Book Reviews


Home Fire by Kamila Shamsie
Bloomsbury £16.99

Shortlisted for the Costa Book Award.
Kamila Shamsie’s riveting tale of a young British Muslim family, two sisters and their brother, forms a loose modern adaptation of Antigone. After bringing up her twin siblings Aneeka and Parvaiz, older sister Isma finally pursues her dream of studying in the USA, but the unsettling memory of their jihadist father’s death and the disappearance of troubled brother Parvaiz casts a shadow over this experience. Meeting handsome and privileged Eamonn the son of a prominent British Muslim politician unsettles her further and his subsequent liaison with head strong Aneeka back in London sets the scene for a powerful conflict between society, family and religious faith, as the two families’ fates become devastatingly entwined.
“An urgent, fiercely compelling story of loyalties torn apart when love and politics collide, confirming Kamila Samsie as a master storyteller of our times.” Guardian

I’ll Keep You Safe by Peter May
Quercus £18.99

Niamh’s life had already started to unravel when she discovered that her husband Ruairidh had been having an affair. It is utterly destroyed when, on a business trip to Paris, she sees he and his lover killed by a car bomb. She returns home to the Isle of Lewis, bereft, and desperate to recall if anyone had held a grudge against her husband. Meanwhile, the French police have ruled out terrorism, and have started tracking their number one suspect, Niamh…
Peter May will be joining us for an author supper at the Sussex Produce Café on the 23rd January. Tickets are £30 and include a two-course meal and a copy of this novel. Contact us for further details and tickets.

The Terrible Two Go Wild by Mac Barnett and Jory John
Abrams £6.99

These two authors from the USA also have many fans amongst Steyning children who met them when they visited Steyning Primary School during their UK tour. This is the third in their wacky series about young pranksters Miles and Niles, who this time find themselves at an extremely worthy and tranquil summer camp. Inevitably things soon change for the worse – or better maybe! Plenty of illustrations and short chapters make this series good for reluctant readers. Great literature no, great fun yes.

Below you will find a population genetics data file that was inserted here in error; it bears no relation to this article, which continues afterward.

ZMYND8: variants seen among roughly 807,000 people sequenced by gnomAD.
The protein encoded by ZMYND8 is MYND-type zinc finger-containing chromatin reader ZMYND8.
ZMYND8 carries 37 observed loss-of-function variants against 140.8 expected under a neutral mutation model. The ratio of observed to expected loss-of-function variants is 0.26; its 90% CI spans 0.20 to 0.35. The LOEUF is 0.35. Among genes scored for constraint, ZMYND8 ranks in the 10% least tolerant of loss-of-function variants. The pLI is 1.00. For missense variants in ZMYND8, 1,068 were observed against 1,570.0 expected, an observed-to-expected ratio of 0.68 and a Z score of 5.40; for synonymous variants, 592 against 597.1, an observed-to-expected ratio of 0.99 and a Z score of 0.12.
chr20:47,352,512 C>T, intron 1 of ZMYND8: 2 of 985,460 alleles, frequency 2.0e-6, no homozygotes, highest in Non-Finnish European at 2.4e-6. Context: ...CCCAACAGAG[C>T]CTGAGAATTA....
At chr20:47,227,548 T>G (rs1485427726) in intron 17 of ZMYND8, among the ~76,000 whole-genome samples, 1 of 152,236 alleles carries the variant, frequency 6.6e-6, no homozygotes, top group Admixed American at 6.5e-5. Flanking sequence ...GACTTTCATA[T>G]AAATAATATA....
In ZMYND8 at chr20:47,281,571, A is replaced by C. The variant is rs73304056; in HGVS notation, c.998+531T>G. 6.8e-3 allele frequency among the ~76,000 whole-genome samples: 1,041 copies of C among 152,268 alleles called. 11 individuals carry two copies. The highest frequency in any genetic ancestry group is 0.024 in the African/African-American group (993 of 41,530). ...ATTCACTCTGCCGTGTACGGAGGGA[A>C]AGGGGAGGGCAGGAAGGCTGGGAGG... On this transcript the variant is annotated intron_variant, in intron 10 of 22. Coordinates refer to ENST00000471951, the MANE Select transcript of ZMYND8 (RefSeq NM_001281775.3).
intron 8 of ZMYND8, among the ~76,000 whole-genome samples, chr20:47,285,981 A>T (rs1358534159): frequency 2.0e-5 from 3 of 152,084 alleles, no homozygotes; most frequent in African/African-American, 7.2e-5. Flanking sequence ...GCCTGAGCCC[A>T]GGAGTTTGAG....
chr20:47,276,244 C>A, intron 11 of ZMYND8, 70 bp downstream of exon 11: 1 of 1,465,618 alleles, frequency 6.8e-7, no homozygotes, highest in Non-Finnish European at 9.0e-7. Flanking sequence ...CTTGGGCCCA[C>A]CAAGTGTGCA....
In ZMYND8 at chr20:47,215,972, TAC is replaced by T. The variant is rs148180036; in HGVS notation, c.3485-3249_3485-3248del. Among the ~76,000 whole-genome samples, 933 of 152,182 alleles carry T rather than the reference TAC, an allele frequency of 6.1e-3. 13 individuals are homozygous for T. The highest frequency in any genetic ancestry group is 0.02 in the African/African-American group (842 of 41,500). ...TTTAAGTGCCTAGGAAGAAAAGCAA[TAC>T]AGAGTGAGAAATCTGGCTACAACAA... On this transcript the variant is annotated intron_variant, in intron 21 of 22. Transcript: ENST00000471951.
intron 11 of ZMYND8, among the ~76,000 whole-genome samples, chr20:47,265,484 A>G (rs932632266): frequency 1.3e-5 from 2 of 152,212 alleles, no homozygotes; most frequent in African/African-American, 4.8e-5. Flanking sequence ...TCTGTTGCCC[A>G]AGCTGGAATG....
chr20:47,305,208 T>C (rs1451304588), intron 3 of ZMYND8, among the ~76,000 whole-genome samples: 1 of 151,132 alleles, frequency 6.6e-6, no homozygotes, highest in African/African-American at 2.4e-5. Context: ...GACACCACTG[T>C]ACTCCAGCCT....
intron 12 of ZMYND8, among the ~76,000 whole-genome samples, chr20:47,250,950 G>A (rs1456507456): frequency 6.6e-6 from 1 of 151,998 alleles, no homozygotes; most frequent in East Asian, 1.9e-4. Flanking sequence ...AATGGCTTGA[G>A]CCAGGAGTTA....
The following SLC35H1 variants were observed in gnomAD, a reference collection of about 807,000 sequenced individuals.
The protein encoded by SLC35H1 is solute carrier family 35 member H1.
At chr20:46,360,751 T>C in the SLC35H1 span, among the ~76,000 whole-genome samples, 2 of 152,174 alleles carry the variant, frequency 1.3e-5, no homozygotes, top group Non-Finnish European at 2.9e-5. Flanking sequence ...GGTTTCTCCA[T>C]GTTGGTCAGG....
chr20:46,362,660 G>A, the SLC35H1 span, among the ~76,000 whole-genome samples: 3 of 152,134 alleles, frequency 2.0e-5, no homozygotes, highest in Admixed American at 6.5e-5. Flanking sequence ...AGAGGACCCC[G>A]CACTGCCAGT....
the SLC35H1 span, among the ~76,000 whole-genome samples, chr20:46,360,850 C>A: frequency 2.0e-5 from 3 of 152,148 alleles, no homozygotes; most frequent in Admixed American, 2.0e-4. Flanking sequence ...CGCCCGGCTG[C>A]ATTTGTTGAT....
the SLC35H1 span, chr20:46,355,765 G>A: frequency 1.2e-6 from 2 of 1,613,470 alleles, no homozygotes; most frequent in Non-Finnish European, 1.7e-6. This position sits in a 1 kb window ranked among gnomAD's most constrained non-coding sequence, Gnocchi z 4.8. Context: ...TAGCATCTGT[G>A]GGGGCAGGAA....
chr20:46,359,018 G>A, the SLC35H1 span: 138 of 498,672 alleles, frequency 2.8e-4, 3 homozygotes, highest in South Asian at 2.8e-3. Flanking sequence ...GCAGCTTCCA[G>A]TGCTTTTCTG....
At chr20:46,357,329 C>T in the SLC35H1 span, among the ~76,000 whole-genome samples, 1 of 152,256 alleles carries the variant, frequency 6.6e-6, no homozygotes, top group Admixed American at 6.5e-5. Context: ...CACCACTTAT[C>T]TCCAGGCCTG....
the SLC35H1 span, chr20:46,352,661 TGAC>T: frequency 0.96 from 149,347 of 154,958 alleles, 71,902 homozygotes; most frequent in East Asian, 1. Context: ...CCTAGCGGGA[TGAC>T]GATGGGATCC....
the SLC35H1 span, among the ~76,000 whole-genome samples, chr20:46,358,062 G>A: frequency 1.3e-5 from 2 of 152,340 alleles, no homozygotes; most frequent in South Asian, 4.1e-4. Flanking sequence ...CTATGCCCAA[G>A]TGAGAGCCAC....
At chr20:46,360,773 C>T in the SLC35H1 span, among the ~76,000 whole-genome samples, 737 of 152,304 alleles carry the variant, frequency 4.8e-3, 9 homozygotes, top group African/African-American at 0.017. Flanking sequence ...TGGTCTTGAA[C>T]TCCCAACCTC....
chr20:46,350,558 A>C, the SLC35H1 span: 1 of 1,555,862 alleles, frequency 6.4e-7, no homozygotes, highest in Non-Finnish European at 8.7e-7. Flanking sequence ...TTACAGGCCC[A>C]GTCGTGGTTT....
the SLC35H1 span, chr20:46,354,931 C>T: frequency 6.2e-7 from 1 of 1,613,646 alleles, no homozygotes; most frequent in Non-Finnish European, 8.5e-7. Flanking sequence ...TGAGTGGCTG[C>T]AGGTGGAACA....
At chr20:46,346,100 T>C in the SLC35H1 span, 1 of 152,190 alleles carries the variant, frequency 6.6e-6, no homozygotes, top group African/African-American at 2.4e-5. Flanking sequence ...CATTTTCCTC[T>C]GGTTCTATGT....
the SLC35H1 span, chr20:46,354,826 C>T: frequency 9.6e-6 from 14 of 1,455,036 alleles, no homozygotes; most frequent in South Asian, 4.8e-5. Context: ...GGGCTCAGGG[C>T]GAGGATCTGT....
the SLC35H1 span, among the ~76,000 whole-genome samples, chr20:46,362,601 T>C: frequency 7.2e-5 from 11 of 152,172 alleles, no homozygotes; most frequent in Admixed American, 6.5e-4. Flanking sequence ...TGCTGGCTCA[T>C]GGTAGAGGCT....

The Cat and the King by Nick Sharratt
Scholastic £6.99

Bookshop favourite Nick Sharratt’s debut novel is fantastically funny! After an unfortunate incident with a dragon, the gentle, unworldly King and his friend Cat, need to find a new home. They settle on No.37 Castle Close, but life outside his castle is rather a challenge for the King, who has never had to do much for himself. With the Cat’s help, however, he manages all sorts of new experiences, such as washing up and shopping. But then the pesky dragon reappears…
Just lovely. Perfect for children moving on from picture books.


Sky Chasers by Emma Carroll
Chicken House £6.99

When orphan Magpie encounters an unexpected sight – a boy swept off his feet by a kite – she goes to his rescue, only to find herself dangling in mid-air too! The boy is part of the Montgolfier family, and it is no ordinary kite he is flying. Magpie finds herself consumed by the desire to fly, and to be the first to fly in a hot air balloon in front of the king and queen of France.
A charming and richly evocative story set in eighteenth century Paris, for age 9+

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